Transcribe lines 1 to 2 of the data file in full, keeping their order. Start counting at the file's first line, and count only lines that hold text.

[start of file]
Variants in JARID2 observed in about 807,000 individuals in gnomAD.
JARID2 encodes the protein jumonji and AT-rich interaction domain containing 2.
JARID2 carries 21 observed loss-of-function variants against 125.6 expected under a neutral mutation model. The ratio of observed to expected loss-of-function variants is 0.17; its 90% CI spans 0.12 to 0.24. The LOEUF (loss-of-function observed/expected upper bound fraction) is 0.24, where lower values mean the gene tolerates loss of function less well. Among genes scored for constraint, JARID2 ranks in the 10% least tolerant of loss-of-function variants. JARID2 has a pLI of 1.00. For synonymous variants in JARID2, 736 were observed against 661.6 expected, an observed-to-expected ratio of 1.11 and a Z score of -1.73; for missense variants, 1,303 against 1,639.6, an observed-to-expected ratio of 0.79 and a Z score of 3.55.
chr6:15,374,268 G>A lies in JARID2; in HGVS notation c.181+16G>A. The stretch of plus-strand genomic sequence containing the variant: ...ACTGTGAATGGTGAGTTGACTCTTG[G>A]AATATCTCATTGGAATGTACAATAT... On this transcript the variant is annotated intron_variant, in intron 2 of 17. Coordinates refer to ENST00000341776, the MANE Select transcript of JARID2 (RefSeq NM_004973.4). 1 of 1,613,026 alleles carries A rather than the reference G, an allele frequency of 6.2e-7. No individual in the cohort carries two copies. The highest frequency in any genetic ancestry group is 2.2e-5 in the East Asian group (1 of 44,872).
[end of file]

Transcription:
Variants in JARID2 observed in about 807,000 individuals in gnomAD.
JARID2 encodes the protein jumonji and AT-rich interaction domain containing 2.